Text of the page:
May 17th, 2024

Neudorf talks electricity at SACPA


By Al Beeber - Lethbridge Herald on April 5, 2024.

Herald photo by Al Beeber Lethbridge East MLA and Minister of Affordability and Utilities Nathan Neudorf makes a presentation about the provincial electricity system Thursday during the Southern Alberta Council On Public Affairs.

LETHBRIDGE HERALDabeeber@lethbridgeherald.com

A discussion on the Alberta electricity system sparked a full house to turn out Thursday to the Lethbridge Senior Citizens Organization for this week’s session of the Southern Alberta Council on Public Affairs.

Lethbridge East MLA and Minister of Affordability and Utilities Nathan Neudorf discussed the utility market, factors that impact the affordability of electricity and other matters.

When he was appointed to his new position by premier Danielle Smith, Neudorf was tasked with several initiatives including to make life more affordable for all Albertans, as well as the necessary work to ensure the provincial electricity grid is affordable, reliable and sustainable for generations to come.

His talk included an overview of the market and what the government has done and will do moving forward to provide corrections and fixes to the electricity grid and lower utility costs.

He talked about the various agencies involved in the electricity sector and their roles including the Alberta Electric Systems Operator which is an independent, not-for-profit organization that manages and operates the Alberta grid, doing the day-to-operations making sure supply and demand are balanced all day.

It works with industry and government to make sure there is reliable power.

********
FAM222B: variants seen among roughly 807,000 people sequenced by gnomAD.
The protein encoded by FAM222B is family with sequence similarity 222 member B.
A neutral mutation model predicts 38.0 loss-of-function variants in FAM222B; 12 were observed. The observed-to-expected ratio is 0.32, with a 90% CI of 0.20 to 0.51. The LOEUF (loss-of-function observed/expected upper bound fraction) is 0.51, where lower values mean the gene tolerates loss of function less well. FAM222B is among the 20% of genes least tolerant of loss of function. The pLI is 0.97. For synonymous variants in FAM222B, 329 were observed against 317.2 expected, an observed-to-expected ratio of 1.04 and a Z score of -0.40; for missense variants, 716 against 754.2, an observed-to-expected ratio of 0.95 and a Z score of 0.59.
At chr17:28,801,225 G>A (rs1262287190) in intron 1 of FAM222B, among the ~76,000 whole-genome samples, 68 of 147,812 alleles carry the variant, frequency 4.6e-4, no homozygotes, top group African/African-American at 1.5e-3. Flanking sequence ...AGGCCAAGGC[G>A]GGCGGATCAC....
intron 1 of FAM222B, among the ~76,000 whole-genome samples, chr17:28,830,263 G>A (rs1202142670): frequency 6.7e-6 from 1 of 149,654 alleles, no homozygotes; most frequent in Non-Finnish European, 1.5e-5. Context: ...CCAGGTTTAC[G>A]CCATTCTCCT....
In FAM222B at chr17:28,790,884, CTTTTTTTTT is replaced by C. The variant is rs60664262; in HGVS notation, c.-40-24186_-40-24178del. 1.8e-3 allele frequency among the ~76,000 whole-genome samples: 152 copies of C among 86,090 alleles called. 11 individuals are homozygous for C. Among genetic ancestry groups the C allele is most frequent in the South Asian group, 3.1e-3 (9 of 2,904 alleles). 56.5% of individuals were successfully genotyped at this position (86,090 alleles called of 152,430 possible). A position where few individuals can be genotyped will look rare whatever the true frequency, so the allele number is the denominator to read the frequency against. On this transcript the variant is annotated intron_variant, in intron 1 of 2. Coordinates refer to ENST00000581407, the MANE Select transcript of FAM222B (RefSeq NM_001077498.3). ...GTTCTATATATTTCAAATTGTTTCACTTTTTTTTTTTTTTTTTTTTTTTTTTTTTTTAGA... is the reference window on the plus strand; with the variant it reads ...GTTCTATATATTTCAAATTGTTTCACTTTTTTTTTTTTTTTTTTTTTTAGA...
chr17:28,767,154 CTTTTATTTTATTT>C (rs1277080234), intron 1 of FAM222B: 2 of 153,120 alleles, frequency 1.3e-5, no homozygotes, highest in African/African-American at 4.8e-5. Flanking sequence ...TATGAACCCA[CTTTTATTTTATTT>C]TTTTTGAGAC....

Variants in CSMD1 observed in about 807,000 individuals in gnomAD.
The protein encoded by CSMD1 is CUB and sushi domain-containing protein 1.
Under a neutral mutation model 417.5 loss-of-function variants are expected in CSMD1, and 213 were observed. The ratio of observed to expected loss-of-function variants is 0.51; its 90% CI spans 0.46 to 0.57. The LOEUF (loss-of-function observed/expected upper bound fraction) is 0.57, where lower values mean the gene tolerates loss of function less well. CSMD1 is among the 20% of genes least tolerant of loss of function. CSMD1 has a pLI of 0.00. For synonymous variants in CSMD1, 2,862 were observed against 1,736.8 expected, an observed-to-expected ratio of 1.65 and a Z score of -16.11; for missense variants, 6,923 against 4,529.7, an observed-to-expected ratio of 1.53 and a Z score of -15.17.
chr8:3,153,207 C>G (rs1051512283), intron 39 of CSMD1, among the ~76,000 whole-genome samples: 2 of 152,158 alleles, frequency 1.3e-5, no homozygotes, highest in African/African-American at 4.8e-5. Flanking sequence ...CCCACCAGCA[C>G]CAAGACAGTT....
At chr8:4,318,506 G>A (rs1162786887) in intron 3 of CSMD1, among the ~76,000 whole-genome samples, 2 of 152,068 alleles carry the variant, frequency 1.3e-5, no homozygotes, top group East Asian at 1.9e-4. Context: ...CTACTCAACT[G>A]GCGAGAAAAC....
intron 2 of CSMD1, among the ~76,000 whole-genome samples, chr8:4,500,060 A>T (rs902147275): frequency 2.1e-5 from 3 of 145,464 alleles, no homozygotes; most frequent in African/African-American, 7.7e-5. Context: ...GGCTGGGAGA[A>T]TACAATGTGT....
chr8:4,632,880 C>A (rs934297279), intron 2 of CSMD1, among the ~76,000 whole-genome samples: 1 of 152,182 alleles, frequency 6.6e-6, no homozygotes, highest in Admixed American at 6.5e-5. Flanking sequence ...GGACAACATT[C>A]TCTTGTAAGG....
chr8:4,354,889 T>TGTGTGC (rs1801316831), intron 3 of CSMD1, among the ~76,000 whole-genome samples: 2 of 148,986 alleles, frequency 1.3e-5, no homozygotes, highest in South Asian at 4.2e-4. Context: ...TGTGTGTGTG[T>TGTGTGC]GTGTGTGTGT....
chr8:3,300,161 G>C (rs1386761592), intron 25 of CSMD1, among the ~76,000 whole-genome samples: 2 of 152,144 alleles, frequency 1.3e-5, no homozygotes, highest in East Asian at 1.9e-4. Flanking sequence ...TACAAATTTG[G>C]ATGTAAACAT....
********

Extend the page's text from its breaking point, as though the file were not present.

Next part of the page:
He also talked about the role of Alberta Utilities Commission, an independent quasi-judicial agency which has the task of reviewing and approving – or not – all generation and powerline projects to make sure utilities are delivered fairly, equitable and in the public’s best interest.

He mentioned The Utilities Consumer Advocate which works on behalf of the consumer helps people navigate any potential disputes with energy providers and the Market Surveillance Administrator which enforces a fair, open and competitive market, Neudorf said, making sure natural gas and electricity providers comply all applicable legislation, standards and regulations.

The Balancing Pool, established in 1999, helps manage the transition to competition in Alberta’s energy industry. There is rate rider charge on bills every month, he pointed out. It is currently being wound down and Neudorf expects its job to be completed within the next year or two.

The government is the other partner whose job is to work with those agencies and government ministries to oversee a reliable and affordable electricity grid.

He talked about the Agriculture First initiative on renewable development, the aim being to have a system that’s affordable, reliable and lasts into the future.

Alberta is unique in Canada that it is the only province with an energy-only market. This means a producer of electricity is only paid when it produces and sells power to consumers, Neudorf said.

Alberta consumers pay for the electricity they use and the system provides them with a reliable supply of electricity, he said.

Neudorf also pointed out that there has been a transition from coal-powered generation and the addition of a significant amount of renewable energy.